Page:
A neighbor has reinstalled our baby gate for daughter number two. At ten months she crawls, pulls up, and climbs; her gate protects her only slightly, as it blocks a “down” stairway next to an “up” one, and not even Mommy crouched at the gate diverts her from ascent. Something in us doesn’t love a gate. We want up.
Bangkok has lots of gates. Our suburban expat community and its subdivisions have entrances manned by guards, many of whom salute and click their heels as if we were commanding officers. Homes inside the community often have waist-high gates at the end of the drive, with the doorbell at the street. Outside this area, local homes have gates twice as tall, many with spikes at the top. Some are simply solid, moving walls.
The gates and walls mark gaps in income, starkly evident here as in so many places. Look one way from our apartment, which edges the expat burg, and you see Benzes and BMWs, palatial homes, live-in drivers and housekeepers; look the other way and you see local houses with tall gates, and a short drive from these, a shantytown. We in our teacher housing feel like paupers looking one way, kings looking the other. This may be why we stay in our sliver of “middle,” often interacting with families whose income matches ours. But I check notice boards at the expat supermarket for items on sale in the big houses, drooling over an elliptical trainer, deluxe joggers, shelving. An executive’s wife tells me teachers are great customers. We are not unlike the local deal hounds who rush our gate when it opens for the teacher housing yard sale each year. We all want up.
I have discovered here that many things pass over income-walls: sounds, yawns, information. I learned about takraw, or kick volleyball, by watching a man keep a ball aloft with his foot for several minutes, training in a building site just over our wall. I smiled at the breastfeeding wife of a laborer on the same site who looked back when I peered from our living room. Our wall (with spiky top) lets us hear calls to prayer, vendors’ jingles, karaoke marathons, national songs broadcast on speakers at eight and six. We’ve heard the sounds of dogs, cows, goats, and chickens on the other side. Aromas from cooking travel to our grounds, making us hungry.
But income does not hurdle walls, and this truth paralyzed Bangkok two years ago in April and May, when after occupying a central commercial district — analogous to Times Square or Shibuya — for weeks, a group of “red shirt” protesters clashed with troops in fighting that led to more than ninety deaths, numerous arson attacks, looting, and fear. One core issue was economic inequality.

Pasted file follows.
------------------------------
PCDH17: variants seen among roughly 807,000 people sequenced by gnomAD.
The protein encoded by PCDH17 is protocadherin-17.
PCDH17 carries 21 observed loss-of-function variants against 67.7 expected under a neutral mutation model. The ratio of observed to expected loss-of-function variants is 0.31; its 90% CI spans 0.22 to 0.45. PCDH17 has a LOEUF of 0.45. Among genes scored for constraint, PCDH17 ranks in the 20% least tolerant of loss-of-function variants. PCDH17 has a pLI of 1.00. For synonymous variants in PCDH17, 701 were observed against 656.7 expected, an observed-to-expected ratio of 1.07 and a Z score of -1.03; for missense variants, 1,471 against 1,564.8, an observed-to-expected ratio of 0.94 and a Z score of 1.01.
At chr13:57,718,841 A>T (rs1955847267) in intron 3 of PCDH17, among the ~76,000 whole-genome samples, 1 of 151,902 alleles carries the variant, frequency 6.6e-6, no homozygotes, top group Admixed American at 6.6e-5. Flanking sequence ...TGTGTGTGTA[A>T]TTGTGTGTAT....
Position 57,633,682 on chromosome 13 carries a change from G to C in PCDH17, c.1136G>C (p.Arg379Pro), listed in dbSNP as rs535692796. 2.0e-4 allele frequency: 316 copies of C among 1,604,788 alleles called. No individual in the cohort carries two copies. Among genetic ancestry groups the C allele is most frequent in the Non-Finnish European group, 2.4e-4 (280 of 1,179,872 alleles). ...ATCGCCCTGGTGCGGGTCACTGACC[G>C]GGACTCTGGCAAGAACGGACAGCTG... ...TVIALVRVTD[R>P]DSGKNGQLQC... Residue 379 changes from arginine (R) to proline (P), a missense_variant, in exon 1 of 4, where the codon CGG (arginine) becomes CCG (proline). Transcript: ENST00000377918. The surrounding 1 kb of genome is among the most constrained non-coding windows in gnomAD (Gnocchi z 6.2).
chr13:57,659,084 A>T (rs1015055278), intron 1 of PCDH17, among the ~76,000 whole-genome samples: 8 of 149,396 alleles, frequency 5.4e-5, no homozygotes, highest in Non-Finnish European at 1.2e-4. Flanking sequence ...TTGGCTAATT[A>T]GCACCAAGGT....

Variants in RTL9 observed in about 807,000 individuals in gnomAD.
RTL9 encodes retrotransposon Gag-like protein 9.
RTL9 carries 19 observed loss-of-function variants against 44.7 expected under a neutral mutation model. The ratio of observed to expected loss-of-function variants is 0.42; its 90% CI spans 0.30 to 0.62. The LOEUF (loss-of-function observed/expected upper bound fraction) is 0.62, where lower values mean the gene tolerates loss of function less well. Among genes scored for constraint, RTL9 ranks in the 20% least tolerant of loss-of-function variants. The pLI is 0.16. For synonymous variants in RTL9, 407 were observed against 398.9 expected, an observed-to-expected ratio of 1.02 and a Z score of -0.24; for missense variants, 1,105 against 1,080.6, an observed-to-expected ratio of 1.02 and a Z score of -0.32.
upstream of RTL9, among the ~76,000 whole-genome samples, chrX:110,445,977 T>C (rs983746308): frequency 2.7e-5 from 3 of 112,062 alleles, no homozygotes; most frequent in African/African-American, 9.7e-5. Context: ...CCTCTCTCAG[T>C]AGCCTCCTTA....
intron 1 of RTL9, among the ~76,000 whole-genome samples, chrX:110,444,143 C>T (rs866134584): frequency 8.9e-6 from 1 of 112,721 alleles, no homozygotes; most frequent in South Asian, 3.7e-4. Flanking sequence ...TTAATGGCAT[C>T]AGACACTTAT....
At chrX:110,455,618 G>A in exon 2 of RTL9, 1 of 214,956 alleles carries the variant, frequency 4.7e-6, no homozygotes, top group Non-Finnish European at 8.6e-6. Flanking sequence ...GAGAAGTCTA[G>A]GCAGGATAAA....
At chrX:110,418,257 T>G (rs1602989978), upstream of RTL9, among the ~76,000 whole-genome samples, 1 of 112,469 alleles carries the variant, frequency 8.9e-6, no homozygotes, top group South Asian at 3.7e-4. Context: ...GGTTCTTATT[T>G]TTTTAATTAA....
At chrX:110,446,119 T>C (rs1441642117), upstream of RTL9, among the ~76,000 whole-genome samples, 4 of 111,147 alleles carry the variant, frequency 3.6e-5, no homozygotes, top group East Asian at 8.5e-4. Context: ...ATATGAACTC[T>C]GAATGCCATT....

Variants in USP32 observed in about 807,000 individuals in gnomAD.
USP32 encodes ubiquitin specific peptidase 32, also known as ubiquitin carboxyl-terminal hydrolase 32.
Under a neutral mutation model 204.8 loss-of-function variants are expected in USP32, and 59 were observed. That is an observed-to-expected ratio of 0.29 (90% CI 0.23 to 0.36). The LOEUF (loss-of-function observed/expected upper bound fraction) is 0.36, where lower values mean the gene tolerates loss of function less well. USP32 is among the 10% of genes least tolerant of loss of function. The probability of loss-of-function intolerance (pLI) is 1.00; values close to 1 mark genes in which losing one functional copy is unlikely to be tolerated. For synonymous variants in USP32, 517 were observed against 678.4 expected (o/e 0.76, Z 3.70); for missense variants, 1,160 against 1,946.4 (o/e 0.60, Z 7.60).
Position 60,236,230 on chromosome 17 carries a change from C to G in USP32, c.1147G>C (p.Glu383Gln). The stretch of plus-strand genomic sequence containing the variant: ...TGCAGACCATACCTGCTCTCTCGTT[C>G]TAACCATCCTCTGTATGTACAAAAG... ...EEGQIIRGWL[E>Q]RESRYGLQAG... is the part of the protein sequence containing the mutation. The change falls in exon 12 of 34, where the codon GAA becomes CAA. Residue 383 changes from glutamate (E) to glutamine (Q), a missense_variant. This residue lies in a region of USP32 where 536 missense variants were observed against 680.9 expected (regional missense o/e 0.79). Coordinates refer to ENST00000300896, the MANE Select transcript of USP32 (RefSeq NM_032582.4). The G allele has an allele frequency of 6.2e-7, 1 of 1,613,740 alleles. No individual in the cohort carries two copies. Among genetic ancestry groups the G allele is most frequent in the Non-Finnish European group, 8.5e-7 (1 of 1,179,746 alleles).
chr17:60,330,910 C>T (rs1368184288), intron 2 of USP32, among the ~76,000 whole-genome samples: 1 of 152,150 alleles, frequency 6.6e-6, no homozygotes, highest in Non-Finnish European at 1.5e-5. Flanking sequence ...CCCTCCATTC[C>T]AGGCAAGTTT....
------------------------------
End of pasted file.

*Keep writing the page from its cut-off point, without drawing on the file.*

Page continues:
At that time, no nationality or income level prevented worry. I made coffee for a U.S. embassy wife who thought her husband could not come home due to security measures, and listened to a Thai school staffer describe people on her soi trying to douse a bank fire. I emailed a colleague of Japanese cameraman Hiroyuki Muramoto, who lost his life covering the conflict. My husband and I took precautions, stocked up on food, and obeyed curfews. We watched our city “trend” online. I prayed with a church group and listened to Psalm 23 with new ears; dropped raw eggs on the floor after seeing plumes of smoke over downtown; and ate a meal with shaky hands on hearing a cinema nearby was burning (it wasn’t). I begged off planning a conference for a few days; wrote emails to reassure friends and relatives. I gave thanks that our daughter, then two, was oblivious, and read picture books as entertainment for her and a slow-down, be-present liturgy for me. Our toddler single-handedly kept me grounded, taught me I could pry myself from the news and believe what I was imparting: Our family was safe.
But many others weren’t, and their suffering related to walls. It was hard to tell which ones. Some said the fighting was about rich versus poor: the poor were opening a gate. Another view was that one elite was attacking another by co-opting an underclass: rich using poor as battering ram against rich. We expats knew the conflict was more complex than some foreign media portrayed, but were in no position to tell the world. And it was hard for anyone to know who won in the end; for a while, all we knew was that Thailand had lost.
One thing I saw clearly when burning ceased: the walls still stood. The torched end of an upscale shopping center was rebuilt. Shantytowns remained. The political party associated with the protesters took power, but the prime minister is wealthy. Many Thais still live in privilege or entrenched poverty, huge gaps between. We expats comply in this. We participate in systems that let a band teacher have a furnished apartment and annual overseas leave, and his wife write and translate while a sitter helps with the children twice a week and cleans house at naptime.
We see all this yet do not drop everything to change it. As obvious as our privilege is, we think not just about down but about up. We are like our baby who, though not literate, leaves her board books to claim her big sister’s picture books. She sets aside her toy cell phone and grabs the real one; she bats at my laptop. She climbs stairs and risks falls. She shows me that even from infancy, we want up, and this is both natural and dangerous. I wonder what event in her life will teach her this — and what, if anything, can teach us all.